Indus And Vedic Civilisation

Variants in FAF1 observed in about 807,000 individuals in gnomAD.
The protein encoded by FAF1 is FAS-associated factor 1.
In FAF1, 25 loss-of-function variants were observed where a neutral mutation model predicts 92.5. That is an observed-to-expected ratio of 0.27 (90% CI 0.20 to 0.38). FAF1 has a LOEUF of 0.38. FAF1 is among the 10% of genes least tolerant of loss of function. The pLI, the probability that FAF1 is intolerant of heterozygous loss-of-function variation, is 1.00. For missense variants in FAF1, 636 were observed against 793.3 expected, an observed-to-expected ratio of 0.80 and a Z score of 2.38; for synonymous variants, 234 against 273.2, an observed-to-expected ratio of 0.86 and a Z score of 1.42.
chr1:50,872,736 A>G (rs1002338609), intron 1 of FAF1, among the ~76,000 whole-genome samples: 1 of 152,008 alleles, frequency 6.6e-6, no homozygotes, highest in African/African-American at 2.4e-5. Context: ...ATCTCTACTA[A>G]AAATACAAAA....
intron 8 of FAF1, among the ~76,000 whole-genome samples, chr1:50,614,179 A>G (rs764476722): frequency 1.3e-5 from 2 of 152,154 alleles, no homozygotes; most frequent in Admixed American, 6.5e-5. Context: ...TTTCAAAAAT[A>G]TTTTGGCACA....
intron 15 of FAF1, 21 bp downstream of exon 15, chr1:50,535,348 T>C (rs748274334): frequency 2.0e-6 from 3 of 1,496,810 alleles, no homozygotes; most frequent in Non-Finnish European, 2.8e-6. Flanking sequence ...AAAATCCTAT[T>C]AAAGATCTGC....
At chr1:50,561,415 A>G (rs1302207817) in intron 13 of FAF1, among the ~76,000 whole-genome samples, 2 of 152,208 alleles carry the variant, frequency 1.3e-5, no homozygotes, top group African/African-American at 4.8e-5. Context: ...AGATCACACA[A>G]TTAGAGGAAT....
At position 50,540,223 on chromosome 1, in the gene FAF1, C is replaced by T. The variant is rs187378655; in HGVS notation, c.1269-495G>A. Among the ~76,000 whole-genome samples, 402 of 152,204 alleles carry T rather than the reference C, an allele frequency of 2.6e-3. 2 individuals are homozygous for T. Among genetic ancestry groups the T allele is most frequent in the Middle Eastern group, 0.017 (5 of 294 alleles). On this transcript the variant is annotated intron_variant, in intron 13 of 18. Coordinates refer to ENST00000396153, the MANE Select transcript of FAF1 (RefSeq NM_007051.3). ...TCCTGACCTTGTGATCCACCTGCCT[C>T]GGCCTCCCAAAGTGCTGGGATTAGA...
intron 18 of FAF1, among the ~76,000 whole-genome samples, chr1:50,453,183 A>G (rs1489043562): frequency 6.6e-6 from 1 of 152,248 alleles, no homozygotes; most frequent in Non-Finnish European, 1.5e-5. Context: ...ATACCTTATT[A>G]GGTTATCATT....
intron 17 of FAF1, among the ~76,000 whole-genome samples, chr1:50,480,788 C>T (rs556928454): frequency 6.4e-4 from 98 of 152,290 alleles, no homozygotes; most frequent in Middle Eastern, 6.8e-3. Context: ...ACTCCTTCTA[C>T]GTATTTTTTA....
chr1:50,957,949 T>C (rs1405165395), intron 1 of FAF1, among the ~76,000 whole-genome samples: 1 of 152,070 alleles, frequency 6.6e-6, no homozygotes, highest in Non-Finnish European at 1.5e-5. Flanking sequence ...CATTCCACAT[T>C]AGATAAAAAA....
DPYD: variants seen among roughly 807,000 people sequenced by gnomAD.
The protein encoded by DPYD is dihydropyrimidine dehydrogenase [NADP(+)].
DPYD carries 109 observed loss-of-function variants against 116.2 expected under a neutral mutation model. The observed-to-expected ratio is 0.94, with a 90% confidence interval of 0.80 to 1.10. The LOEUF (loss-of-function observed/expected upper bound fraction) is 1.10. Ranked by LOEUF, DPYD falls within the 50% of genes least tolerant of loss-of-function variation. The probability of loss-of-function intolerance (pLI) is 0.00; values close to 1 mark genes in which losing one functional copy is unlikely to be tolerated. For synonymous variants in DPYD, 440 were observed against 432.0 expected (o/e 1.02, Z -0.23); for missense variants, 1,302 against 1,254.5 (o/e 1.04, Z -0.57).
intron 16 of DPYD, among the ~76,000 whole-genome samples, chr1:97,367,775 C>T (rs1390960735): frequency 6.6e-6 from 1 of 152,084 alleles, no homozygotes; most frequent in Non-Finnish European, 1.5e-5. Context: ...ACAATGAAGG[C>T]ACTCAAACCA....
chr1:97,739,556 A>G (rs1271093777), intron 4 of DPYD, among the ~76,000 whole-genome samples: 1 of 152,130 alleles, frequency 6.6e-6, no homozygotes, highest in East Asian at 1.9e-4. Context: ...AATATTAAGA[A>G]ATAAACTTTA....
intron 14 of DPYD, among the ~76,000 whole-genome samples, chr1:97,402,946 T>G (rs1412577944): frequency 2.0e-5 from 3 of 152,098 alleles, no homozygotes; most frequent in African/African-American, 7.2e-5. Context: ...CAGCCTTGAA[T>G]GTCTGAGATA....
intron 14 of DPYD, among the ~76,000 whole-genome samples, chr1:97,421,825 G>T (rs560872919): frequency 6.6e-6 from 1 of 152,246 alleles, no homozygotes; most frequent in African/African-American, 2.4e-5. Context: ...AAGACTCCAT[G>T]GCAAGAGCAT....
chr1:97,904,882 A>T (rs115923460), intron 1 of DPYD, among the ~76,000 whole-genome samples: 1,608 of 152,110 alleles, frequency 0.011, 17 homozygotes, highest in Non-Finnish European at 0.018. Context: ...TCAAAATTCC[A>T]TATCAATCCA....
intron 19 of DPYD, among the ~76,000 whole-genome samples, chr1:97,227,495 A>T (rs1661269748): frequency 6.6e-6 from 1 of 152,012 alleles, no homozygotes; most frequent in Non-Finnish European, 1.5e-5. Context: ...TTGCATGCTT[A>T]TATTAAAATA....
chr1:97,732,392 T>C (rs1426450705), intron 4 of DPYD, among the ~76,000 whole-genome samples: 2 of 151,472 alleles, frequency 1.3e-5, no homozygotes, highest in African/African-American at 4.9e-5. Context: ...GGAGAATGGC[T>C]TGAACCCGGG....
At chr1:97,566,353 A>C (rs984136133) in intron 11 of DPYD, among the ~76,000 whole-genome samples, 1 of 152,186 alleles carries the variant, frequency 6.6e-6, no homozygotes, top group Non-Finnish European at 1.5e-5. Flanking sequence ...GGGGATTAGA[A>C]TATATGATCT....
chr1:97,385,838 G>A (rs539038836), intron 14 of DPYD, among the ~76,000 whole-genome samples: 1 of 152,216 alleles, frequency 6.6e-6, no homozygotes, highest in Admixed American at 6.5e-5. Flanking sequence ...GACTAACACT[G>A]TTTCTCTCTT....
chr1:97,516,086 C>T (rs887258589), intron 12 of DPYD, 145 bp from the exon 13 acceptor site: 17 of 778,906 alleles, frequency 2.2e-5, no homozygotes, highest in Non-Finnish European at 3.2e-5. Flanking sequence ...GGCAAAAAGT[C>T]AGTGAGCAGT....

There is much to be contrasted between the cultures of the Harappans and the Aryans. There are indeed a few points of similarities, but they are not of any significance. Why the points of contrast are more is primarily because of geographic location, economic activity and the religious practices followed by both the cultures. Far more important is the fact that the Aryans, with a plasticity of mind, made life vibrant; whereas, the Indus life looks more like stylized puppet show. The plasticity of the Aryan mind was shown in the language as well as the way in which they adapted agricultural and settled life. The seals of the Indus Valley show that the pictographs remained statis, whereas, the Aryan language in the Rig Veda at places rises to musical levels. The success with which the Aryan writings were composed reveals the ability of the Aryan mind to grasp the mulitiple dimensions of human life. And language which exhibits immense potentialities in its vocabulary reveals that the community is full of potentialities. On the other hand, out of nearly 400 characters known to the Harappans only a few were repeated time and again. The other manifestation of Aryan civilization, that is, its capacity to change and adapt itself, has given a continuity to Indian Civilization despite the absence of mighty empires. On the other hand, the Indus Valley people reached a blind alley and the never learnt anything from other civilizations like the Sumerian. Adaptability or ability to respond to challenges is the hallmark of any youthful civilization. The Indus civilization reached its senilithy by 2000 B.C. whereas the Aryan Civilization was full with creative dynamism. Archaeology is the only source of our knowledge of the Harappan civilization, but information concerning the Vedic Aryans depends almost entirely on literary texts, which were handed down by the oral tradition. It is clear from the material remains that the Harappan civilization was in certain respects superior to that of the Aryans. In Particular it was a city civilization of a highly developed type, while by contrast city life was unfamiliar to the Aryans. The superiority of the Aryans lay in the military field. In which their use of the light horse chariot played a prominent part, or in literary exuberation. Harappans were peace loving city-dwellers and good planners as is evident by grid pattern towns, elaborate drainage system, street lights, kelp-burnt brick houses, fortifications, granaries, baths and wells. The early Aryans were not city builders. Their way of life, nomad-pastoralists as theywere, was dominated by war like stock-breeding (they practiced a little agriculture) and migrations. City buildings etc. as a large-scale socio-economic activities is only much later mentioned in the later Vedic texts, epics and the Puranas. The Harrapa culture is located in the Indus Valley and western India and its urbanization is based on a chalcolithic system with and absence of iron. Later Vedic society centering on the Ganges Valley from which the Harappan culture is largely absent owes its gradual urbanization to iron technology, the widespread domestication of the horse and the extension and intensification of plough agriculture. (Iron, horse and plough being nearly absent - some evidence in later Harappan sites). The expansion and budding off of the Harappan system in the east as far as Alamgirpur (U.P.) and to the neighbouring areas was neither 'colonisation' nor was it 'political expansion' of any from, it was rather the expansion in terms of the permeations of the socio-economic and socio-cultural systems of Harappan society whereas, the Aryan advance towards eastern region - the Doab of the Ganges and Jamuna - was no doubt facilitated by their horse chariots and effective weapons and can be viewed as 'colonisation' or 'political expansion' though not all the Aryan culture contacts and expansion need have been of a violent kind. The...
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